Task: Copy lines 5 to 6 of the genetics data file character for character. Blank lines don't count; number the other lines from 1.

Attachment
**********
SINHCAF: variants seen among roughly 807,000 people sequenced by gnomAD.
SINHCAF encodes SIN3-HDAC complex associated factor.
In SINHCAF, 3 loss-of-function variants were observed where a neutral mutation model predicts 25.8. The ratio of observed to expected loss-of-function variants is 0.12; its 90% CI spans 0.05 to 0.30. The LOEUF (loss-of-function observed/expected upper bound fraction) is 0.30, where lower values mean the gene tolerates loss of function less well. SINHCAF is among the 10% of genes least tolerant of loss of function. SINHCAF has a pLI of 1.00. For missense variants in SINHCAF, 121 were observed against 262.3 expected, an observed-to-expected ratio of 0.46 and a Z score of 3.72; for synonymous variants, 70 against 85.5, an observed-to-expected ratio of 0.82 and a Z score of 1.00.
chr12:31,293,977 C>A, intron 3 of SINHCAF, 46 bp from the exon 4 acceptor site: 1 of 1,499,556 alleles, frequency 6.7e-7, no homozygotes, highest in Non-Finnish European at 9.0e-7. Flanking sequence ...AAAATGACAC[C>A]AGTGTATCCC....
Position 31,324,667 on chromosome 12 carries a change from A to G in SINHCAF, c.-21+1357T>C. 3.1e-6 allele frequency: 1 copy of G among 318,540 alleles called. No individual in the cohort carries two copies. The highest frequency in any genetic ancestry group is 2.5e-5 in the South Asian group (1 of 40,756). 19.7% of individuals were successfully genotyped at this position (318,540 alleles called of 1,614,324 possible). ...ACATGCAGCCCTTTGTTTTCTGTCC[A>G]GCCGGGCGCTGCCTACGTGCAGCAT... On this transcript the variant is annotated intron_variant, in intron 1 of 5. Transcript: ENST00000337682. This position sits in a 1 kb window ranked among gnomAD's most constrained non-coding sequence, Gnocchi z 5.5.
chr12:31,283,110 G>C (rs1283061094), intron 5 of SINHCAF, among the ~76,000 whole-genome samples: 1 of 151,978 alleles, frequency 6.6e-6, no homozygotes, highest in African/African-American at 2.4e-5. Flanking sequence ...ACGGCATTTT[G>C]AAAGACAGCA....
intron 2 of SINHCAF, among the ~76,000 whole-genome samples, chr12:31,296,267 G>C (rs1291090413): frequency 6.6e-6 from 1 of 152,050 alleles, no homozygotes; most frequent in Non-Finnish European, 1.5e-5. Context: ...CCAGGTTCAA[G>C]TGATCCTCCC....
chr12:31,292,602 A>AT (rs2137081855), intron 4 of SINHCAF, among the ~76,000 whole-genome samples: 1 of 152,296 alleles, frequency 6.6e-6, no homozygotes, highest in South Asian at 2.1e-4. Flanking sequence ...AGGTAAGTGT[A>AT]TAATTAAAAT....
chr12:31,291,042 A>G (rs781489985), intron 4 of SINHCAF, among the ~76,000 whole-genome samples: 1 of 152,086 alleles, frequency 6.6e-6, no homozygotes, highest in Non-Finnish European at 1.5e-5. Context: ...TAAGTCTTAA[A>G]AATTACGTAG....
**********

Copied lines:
Position 31,324,667 on chromosome 12 carries a change from A to G in SINHCAF, c.-21+1357T>C. 3.1e-6 allele frequency: 1 copy of G among 318,540 alleles called. No individual in the cohort carries two copies. The highest frequency in any genetic ancestry group is 2.5e-5 in the South Asian group (1 of 40,756). 19.7% of individuals were successfully genotyped at this position (318,540 alleles called of 1,614,324 possible). ...ACATGCAGCCCTTTGTTTTCTGTCC[A>G]GCCGGGCGCTGCCTACGTGCAGCAT... On this transcript the variant is annotated intron_variant, in intron 1 of 5. Transcript: ENST00000337682. This position sits in a 1 kb window ranked among gnomAD's most constrained non-coding sequence, Gnocchi z 5.5.
chr12:31,283,110 G>C (rs1283061094), intron 5 of SINHCAF, among the ~76,000 whole-genome samples: 1 of 151,978 alleles, frequency 6.6e-6, no homozygotes, highest in African/African-American at 2.4e-5. Flanking sequence ...ACGGCATTTT[G>C]AAAGACAGCA....